Some medicines including over-the-counter (OTC) medicines may have side effects that can cause sexual problems in men and women. This may vary depending on the individual and type of medication. If you are concerned about this issue, talk to your doctor.
On this page, you can find the following information:
- How can medicines cause sexual problems?
- Examples of medicines that cause sexual problems
- How are medication-related sexual problems diagnosed?
- What can you do?
Medicines can cause sexual problems in men and women in a number of ways. These include:
- a lack of sexual desire or interest in sex (libido)
- reduced ability to become physically aroused during sexual activity, including problems achieving and maintaining an erection (erectile dysfunction)
- delayed or absence of orgasm (climax)
- pain during intercourse (this mostly affects women)
- sustained erection lasting longer than 4 hours (priapism).
The following is a list of medicines that are known to cause sexual problems in some people. It is important to note that not all people respond in the same way to these medicines. The risk of sexual side effects is increased if you are taking multiple medications.
If you are taking a medicine and are worried about its effects – do not stop taking your medicine suddenly. Rather, discuss this with your doctor or pharmacist. Sometimes there might be a different medicine that you can take that is less likely to cause sexual problems.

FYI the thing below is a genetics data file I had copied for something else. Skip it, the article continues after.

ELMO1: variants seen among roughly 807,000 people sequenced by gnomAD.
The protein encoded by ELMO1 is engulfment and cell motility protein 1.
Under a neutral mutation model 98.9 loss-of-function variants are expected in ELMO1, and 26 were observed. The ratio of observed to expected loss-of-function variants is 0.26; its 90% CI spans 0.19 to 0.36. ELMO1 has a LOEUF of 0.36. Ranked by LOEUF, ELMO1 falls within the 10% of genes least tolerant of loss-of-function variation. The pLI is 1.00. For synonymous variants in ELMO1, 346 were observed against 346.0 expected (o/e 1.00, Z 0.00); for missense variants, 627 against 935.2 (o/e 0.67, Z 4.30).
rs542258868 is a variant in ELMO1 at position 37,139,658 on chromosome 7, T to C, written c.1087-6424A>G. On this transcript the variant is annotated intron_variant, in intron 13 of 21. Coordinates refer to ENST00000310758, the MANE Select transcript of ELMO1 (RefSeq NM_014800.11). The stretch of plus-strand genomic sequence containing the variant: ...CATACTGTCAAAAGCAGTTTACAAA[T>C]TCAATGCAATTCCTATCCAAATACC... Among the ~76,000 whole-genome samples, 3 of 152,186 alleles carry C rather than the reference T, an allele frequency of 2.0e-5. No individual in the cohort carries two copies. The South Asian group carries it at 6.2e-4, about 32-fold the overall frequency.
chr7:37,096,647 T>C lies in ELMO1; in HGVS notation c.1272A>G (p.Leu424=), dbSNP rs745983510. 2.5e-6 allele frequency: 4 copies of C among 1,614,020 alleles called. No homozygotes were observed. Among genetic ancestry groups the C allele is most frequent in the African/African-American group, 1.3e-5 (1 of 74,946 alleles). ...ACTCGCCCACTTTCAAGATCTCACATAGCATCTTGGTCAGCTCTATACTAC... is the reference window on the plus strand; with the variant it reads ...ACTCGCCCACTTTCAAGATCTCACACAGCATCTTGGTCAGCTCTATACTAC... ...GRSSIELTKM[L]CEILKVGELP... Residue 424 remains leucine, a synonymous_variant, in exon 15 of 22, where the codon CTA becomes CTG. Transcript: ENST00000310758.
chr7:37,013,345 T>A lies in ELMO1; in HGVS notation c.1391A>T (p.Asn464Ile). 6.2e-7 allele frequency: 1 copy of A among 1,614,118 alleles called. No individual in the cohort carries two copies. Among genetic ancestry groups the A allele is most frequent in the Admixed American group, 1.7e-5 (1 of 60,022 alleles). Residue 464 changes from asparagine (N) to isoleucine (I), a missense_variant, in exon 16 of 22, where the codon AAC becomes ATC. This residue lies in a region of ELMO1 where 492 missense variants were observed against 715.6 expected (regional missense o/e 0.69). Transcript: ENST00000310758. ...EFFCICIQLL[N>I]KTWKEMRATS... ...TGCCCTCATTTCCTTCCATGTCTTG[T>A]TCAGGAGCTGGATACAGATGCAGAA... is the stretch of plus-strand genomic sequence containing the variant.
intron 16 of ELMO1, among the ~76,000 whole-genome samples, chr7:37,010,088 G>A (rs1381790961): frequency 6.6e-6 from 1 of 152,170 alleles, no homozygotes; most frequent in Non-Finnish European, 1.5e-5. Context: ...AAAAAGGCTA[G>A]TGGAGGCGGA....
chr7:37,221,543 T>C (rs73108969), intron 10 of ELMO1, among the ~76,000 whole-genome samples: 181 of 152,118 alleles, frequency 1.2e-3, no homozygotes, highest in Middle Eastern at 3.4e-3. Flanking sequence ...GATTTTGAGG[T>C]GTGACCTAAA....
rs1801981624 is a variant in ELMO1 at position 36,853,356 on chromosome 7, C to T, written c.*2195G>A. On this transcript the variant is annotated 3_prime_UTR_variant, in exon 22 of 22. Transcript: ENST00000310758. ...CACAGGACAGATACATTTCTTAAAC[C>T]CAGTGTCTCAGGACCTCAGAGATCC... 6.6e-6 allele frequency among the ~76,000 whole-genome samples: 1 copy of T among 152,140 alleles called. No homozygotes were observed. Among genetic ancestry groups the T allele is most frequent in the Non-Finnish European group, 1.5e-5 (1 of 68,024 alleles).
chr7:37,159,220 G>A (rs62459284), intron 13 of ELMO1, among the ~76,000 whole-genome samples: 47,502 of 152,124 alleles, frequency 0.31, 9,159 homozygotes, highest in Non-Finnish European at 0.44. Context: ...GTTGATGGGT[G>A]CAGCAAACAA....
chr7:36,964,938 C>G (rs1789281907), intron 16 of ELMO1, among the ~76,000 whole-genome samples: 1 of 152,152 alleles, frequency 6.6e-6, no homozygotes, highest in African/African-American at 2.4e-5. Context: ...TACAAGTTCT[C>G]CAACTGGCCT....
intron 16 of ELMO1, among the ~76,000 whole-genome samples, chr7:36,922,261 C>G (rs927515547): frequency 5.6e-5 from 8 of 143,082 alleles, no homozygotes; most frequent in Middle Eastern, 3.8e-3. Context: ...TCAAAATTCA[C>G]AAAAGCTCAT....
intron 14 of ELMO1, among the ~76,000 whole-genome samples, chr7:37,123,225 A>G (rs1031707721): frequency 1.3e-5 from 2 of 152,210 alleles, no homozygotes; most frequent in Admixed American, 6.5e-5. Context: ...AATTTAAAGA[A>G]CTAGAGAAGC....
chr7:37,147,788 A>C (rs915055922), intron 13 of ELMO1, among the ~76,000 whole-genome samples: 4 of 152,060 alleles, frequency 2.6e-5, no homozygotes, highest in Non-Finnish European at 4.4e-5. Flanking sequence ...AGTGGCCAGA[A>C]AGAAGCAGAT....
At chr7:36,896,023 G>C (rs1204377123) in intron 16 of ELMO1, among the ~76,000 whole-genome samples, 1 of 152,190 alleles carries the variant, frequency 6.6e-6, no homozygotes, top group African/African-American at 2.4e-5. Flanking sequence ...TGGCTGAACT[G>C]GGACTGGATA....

|Examples of medicines that are known to cause sexual problems in some people|
Alcohol and recreational drugs
Recreational drugs such as alcohol, narcotics, stimulants and hallucinogens also affect sexual function. Short-term use of alcohol affects sexual desire and diminishes performance and delays orgasm and ejaculation. Consuming alcohol or using recreational drugs while taking some medicines can make sexual side effects worse.
Since not all sexual problems are caused by medicines, it is not always easy to know whether medicines are the cause. Erectile dysfunction can be caused by physical and emotional factors, or a combination of both. Sometimes sexual problems may be due to relationship difficulties or other causes.
Sometimes the underlying medical condition can also impair erectile function. For example, high blood pressure (hypertension) is associated with sexual problems. Similarly, some mental health conditions, such as depression and psychosis, can cause sexual difficulties. Read more about erectile dysfunction.
If you are worried about your medicines causing sexual problems, do not stop taking your medicine suddenly. Instead, discuss this with your doctor or pharmacist. Sometimes a more suitable medicine can be found or your dose can be reduced. Some medicines need to be stopped gradually, as sudden withdrawal can make you feel very unwell.
- For men, your doctor will consider if taking a phosphodiesterase type 5 inhibitor (such as sildenafil, tadalafil and vardenafil) is suitable for you. However, phosphodiesterase type 5 inhibitors are not suitable for men with some medical conditions or taking some other medicines.
- In women, your doctor will consider if oestrogen cream is suitable for you.
Read more about talking to your doctor about sexual problems.
- Sexual dysfunction associated with antidepressants and antipsychotics Medsafe, 2015
- Drug-induced sexual dysfunction in men and women Australian Prescriber 2013
- Managing erectile dysfunction in patients treated with beta-blockers BPAC, NZ, 2017
- Sexual dysfunction – talking it over Joslin Diabetes Center, US
- Talk with your doctor about erectile dysfunction Harvard Health Publishing, US, 2018